OAKLAND, Calif. (KGO) -- There was a strong showing of solidarity among cyclists in the East Bay Sunday, following a recent series of targeted attacks. Bike advocates say some drivers are intentionally trying to hurt them in the streets. But the group refuses to be afraid.
"The more of us together, the stronger we are," said Rollout Crew Bike Club member Truckie Evans.
East Bay cyclists gathered in solidarity Sunday, after some disturbing attacks on bicyclists. Advocates say some of the crimes have been caught on dashcam video, as cars try to knock down cyclists on the street by opening their passenger doors.
"The 'Why?' question is really plaguing me," said Ellie Mead.
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Ellie Mead from Oakland went to the hospital with bruises and a deep cut above her eye, after she says a driver "doored" her in Oakland's Rockridge neighborhood on Feb. 10. She believes it was no accident.
"For me, it was silver car door opens and I'm on the ground, as they drove away I heard them laughing," said Mead.
Advocates from the East Bay Bike Party club say about two dozen cyclists were targeted last week in Oakland, Berkeley and Emeryville. Fourteen of them were hit and two suffered serious injuries.
"The fact there are people out there hunting us down intentionally for whatever they are doing this for, is terrifying," said cyclist Carter Lavin.
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"It was very intentional. They came up on our left, swung the door open and hit me and the people in front of me," said cyclist Rebecca Mirvish.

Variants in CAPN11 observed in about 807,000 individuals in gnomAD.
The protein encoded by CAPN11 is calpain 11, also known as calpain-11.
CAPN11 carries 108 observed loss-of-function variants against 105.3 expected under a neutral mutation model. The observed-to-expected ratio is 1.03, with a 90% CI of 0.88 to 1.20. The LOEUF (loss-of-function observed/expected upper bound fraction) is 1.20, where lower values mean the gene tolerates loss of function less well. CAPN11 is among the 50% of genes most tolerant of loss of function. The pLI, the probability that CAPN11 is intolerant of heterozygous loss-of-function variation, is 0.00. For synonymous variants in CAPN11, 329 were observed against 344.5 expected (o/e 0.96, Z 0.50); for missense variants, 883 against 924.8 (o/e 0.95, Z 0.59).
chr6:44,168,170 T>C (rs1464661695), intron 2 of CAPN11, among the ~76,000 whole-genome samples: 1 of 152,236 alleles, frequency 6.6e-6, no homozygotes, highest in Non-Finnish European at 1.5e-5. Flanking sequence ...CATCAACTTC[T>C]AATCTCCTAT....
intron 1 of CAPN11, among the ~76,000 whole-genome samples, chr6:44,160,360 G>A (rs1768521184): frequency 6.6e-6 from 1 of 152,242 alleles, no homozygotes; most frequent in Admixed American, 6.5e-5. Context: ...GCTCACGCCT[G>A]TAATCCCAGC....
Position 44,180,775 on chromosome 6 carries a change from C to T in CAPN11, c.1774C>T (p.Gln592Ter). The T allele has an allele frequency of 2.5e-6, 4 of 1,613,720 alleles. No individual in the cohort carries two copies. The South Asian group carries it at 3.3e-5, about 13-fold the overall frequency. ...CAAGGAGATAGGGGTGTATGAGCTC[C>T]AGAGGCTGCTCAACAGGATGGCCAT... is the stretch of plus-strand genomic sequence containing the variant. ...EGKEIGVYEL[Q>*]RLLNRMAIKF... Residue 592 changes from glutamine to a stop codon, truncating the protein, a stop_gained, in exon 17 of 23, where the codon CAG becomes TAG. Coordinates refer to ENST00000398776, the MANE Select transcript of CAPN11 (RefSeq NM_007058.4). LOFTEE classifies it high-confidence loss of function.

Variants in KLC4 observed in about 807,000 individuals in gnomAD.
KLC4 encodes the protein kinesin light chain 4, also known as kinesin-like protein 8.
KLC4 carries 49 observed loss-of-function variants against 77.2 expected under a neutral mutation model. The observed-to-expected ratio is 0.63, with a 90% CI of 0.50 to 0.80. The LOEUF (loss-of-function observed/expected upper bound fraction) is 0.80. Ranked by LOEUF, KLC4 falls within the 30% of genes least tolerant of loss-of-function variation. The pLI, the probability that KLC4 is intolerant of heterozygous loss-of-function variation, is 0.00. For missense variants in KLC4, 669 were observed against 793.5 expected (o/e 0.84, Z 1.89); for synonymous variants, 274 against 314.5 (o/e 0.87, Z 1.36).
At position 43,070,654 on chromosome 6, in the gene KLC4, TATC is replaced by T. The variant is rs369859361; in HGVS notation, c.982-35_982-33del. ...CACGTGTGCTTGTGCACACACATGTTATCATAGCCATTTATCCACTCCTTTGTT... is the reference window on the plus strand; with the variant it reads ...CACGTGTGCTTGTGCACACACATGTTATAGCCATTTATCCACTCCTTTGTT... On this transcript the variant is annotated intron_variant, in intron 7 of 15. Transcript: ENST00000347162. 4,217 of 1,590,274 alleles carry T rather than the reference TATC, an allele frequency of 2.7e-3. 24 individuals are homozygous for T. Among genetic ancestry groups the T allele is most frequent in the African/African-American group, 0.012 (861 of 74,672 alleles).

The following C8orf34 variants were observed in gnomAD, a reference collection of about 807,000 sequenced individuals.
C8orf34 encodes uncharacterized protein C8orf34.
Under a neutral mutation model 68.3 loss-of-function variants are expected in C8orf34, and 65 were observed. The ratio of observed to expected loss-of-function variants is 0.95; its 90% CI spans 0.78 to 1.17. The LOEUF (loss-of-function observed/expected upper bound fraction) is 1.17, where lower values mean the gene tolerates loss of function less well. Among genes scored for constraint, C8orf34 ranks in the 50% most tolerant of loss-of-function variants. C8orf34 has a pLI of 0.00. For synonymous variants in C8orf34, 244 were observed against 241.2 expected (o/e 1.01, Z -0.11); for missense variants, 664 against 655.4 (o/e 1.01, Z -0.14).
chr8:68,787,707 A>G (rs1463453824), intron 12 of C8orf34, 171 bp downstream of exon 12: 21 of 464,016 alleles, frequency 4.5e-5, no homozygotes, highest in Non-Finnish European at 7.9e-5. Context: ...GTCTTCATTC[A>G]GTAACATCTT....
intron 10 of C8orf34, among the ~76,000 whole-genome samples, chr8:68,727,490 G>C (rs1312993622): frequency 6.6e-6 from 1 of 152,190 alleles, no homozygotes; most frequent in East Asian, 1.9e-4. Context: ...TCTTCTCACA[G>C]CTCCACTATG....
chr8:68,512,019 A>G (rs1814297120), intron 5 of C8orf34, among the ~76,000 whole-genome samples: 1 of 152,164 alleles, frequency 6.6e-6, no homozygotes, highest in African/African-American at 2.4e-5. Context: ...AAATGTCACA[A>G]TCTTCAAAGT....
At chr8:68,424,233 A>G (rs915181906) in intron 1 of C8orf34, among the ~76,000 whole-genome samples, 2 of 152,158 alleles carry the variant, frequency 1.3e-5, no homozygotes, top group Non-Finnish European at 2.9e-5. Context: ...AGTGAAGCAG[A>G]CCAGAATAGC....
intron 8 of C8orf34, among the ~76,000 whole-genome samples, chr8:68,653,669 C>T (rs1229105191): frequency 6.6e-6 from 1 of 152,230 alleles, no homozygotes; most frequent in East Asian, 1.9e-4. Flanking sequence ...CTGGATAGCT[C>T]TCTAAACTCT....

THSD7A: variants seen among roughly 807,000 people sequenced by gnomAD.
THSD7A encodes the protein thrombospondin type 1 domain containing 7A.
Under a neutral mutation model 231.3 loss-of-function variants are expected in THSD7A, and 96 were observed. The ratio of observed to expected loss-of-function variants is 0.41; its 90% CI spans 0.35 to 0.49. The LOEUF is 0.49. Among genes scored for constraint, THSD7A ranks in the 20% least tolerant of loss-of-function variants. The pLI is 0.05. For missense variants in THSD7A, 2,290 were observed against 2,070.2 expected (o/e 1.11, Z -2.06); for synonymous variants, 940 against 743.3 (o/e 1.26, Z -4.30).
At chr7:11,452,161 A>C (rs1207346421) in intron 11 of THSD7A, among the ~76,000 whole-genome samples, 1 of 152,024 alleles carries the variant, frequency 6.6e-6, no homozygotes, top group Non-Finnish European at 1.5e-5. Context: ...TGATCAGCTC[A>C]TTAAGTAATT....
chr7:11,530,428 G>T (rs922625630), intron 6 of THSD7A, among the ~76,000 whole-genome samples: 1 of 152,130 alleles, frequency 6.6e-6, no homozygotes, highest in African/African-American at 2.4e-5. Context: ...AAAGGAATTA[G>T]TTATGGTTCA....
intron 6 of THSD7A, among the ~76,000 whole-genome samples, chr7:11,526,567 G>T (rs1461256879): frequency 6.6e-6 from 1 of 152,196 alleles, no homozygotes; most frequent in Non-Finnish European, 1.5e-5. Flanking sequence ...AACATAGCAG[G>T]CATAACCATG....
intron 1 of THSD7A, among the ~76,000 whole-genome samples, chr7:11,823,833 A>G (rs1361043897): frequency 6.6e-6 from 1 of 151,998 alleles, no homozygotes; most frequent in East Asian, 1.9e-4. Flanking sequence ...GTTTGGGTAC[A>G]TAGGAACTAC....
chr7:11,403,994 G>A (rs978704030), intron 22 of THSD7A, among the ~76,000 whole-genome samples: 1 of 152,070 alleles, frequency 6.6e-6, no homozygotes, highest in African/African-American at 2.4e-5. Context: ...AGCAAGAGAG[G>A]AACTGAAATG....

The Oakland Police Department says it's investigating one of the collisions and is looking for witnesses.
Hundreds of cyclists showed their unity and strength with a group ride across Oakland.
"We're going to stand together and figure out how to hold everyone accountable," Evans said.
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Advocates say bike lanes offer no protection for cyclists on city streets. They say they need to be safer.
"For the city and police, I see you creating these bike lanes but where is the real bike safety," Evans said.
For now, cyclists like Ellie just want to feel safe riding on the street.
"I think it's important for us cyclists, pedestrians or any of us who wants to travel safely, this isn't the price you should pay for riding your bike on a Friday night," Mead said.
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